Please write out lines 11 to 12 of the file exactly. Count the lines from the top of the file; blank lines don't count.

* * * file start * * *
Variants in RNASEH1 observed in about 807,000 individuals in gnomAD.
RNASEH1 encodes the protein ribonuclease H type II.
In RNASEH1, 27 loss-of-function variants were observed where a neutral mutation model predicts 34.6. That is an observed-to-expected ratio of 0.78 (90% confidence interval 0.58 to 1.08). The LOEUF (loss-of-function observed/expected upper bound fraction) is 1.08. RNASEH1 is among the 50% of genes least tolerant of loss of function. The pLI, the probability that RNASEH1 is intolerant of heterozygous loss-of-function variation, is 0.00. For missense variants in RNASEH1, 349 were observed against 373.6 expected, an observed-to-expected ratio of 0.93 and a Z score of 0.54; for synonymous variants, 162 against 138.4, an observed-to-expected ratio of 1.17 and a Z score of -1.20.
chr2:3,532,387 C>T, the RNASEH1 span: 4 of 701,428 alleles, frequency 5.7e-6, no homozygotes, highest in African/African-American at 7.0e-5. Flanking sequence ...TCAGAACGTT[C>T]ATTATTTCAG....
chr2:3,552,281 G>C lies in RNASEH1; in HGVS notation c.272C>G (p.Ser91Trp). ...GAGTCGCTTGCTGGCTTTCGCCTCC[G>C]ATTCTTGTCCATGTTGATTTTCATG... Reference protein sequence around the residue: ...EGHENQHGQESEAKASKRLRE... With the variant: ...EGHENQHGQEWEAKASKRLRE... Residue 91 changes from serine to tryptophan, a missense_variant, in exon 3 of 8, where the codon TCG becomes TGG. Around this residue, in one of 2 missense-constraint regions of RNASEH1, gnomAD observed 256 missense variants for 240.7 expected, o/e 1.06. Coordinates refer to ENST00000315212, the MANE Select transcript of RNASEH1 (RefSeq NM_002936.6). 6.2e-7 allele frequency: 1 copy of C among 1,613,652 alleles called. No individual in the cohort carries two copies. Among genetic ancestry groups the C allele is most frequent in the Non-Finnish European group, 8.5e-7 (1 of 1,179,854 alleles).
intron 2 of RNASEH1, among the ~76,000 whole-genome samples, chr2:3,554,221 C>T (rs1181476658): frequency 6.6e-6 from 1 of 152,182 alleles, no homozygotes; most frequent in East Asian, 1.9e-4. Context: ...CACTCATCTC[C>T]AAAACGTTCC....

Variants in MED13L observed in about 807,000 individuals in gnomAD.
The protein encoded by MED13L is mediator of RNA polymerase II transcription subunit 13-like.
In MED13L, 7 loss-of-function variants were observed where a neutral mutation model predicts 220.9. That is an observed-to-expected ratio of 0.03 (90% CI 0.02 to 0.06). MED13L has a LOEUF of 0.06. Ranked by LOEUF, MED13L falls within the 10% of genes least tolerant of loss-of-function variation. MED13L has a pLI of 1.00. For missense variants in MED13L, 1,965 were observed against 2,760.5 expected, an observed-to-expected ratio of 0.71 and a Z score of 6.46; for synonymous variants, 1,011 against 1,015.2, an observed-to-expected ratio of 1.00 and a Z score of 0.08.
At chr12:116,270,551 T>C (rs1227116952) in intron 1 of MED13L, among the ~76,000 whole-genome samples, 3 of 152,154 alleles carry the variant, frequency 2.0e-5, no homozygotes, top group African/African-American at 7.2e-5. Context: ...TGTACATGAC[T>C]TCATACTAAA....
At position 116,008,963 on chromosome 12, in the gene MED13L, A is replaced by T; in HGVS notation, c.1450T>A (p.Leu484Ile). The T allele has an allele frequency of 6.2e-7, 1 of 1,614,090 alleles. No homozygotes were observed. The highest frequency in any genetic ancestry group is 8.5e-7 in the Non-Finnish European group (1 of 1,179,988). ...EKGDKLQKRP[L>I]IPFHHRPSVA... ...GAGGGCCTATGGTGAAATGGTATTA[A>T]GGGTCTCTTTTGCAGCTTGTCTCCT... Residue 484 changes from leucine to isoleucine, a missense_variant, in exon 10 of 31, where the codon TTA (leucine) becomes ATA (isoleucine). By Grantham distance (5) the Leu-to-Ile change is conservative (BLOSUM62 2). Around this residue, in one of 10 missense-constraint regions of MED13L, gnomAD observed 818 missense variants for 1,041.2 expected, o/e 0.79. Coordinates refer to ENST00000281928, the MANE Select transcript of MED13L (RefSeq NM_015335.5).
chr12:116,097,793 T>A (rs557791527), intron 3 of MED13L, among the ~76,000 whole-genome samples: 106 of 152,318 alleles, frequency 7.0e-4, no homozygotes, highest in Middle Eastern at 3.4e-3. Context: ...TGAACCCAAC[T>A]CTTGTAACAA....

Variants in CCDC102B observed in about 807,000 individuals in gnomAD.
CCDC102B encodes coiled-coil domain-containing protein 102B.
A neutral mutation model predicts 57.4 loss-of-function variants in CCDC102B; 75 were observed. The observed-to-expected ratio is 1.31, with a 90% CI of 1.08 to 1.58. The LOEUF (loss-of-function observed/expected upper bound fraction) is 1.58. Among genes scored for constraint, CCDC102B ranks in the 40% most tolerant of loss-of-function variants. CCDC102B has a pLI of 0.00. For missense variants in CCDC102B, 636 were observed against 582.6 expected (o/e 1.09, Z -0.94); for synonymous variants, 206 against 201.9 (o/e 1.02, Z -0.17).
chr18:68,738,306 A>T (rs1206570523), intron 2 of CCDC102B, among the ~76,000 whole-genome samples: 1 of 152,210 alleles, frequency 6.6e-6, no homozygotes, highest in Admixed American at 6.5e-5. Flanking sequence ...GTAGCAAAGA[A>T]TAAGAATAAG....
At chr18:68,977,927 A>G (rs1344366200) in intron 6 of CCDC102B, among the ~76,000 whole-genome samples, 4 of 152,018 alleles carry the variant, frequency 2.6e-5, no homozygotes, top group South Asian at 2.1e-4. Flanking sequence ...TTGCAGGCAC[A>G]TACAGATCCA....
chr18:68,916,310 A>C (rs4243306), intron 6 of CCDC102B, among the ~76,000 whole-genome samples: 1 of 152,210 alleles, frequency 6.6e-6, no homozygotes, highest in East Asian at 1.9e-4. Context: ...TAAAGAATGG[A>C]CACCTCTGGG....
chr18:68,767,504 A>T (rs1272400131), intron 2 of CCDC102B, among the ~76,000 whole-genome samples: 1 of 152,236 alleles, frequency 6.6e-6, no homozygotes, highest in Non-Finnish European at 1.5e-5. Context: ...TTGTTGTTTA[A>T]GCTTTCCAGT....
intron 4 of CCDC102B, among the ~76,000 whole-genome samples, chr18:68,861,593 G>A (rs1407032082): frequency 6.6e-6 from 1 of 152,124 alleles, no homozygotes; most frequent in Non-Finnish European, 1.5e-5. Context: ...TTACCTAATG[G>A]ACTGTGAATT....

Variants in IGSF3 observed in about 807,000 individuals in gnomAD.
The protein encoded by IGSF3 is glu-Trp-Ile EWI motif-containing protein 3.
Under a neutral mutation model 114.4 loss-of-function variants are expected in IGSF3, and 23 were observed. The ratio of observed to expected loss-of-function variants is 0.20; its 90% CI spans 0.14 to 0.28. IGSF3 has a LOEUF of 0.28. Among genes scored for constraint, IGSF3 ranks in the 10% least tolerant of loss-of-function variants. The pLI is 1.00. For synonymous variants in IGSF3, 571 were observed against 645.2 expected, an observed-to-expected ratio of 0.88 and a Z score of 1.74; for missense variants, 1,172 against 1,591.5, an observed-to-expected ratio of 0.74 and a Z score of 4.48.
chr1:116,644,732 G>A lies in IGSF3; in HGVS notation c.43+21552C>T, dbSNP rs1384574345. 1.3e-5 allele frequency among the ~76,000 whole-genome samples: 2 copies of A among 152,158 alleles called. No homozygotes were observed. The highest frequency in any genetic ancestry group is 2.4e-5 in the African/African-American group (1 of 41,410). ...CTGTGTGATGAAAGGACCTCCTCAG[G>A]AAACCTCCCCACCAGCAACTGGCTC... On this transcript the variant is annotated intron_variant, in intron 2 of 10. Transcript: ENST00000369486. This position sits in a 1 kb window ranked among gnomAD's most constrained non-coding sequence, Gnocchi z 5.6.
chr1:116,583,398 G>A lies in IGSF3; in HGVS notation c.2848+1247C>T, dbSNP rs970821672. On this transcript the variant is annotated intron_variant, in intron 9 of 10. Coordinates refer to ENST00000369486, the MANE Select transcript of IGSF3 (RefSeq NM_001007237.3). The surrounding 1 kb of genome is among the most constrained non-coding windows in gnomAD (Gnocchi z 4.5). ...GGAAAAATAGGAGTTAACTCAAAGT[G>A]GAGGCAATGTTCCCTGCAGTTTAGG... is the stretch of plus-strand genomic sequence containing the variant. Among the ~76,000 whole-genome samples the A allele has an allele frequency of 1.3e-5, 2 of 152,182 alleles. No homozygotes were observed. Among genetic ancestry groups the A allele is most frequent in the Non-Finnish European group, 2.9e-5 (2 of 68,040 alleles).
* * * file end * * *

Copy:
At position 116,008,963 on chromosome 12, in the gene MED13L, A is replaced by T; in HGVS notation, c.1450T>A (p.Leu484Ile). The T allele has an allele frequency of 6.2e-7, 1 of 1,614,090 alleles. No homozygotes were observed. The highest frequency in any genetic ancestry group is 8.5e-7 in the Non-Finnish European group (1 of 1,179,988). ...EKGDKLQKRP[L>I]IPFHHRPSVA... ...GAGGGCCTATGGTGAAATGGTATTA[A>T]GGGTCTCTTTTGCAGCTTGTCTCCT... Residue 484 changes from leucine to isoleucine, a missense_variant, in exon 10 of 31, where the codon TTA (leucine) becomes ATA (isoleucine). By Grantham distance (5) the Leu-to-Ile change is conservative (BLOSUM62 2). Around this residue, in one of 10 missense-constraint regions of MED13L, gnomAD observed 818 missense variants for 1,041.2 expected, o/e 0.79. Coordinates refer to ENST00000281928, the MANE Select transcript of MED13L (RefSeq NM_015335.5).
chr12:116,097,793 T>A (rs557791527), intron 3 of MED13L, among the ~76,000 whole-genome samples: 106 of 152,318 alleles, frequency 7.0e-4, no homozygotes, highest in Middle Eastern at 3.4e-3. Context: ...TGAACCCAAC[T>A]CTTGTAACAA....